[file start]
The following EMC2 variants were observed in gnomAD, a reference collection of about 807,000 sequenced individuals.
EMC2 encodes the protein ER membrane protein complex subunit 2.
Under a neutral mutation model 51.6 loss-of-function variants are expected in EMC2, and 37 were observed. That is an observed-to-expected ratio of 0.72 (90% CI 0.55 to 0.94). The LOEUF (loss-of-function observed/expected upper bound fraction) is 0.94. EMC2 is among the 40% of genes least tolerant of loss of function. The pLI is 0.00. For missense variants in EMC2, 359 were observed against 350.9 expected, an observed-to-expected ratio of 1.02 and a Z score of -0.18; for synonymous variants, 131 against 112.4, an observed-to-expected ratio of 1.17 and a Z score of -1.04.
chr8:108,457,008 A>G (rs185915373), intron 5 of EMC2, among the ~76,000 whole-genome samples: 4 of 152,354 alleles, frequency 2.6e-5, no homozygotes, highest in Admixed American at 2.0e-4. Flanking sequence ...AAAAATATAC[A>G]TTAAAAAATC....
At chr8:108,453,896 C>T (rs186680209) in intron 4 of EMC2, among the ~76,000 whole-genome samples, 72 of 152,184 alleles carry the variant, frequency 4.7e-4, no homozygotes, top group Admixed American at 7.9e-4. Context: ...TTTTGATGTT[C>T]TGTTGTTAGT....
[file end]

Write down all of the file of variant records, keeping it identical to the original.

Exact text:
The following EMC2 variants were observed in gnomAD, a reference collection of about 807,000 sequenced individuals.
EMC2 encodes the protein ER membrane protein complex subunit 2.
Under a neutral mutation model 51.6 loss-of-function variants are expected in EMC2, and 37 were observed. That is an observed-to-expected ratio of 0.72 (90% CI 0.55 to 0.94). The LOEUF (loss-of-function observed/expected upper bound fraction) is 0.94. EMC2 is among the 40% of genes least tolerant of loss of function. The pLI is 0.00. For missense variants in EMC2, 359 were observed against 350.9 expected, an observed-to-expected ratio of 1.02 and a Z score of -0.18; for synonymous variants, 131 against 112.4, an observed-to-expected ratio of 1.17 and a Z score of -1.04.
chr8:108,457,008 A>G (rs185915373), intron 5 of EMC2, among the ~76,000 whole-genome samples: 4 of 152,354 alleles, frequency 2.6e-5, no homozygotes, highest in Admixed American at 2.0e-4. Flanking sequence ...AAAAATATAC[A>G]TTAAAAAATC....
At chr8:108,453,896 C>T (rs186680209) in intron 4 of EMC2, among the ~76,000 whole-genome samples, 72 of 152,184 alleles carry the variant, frequency 4.7e-4, no homozygotes, top group Admixed American at 7.9e-4. Context: ...TTTTGATGTT[C>T]TGTTGTTAGT....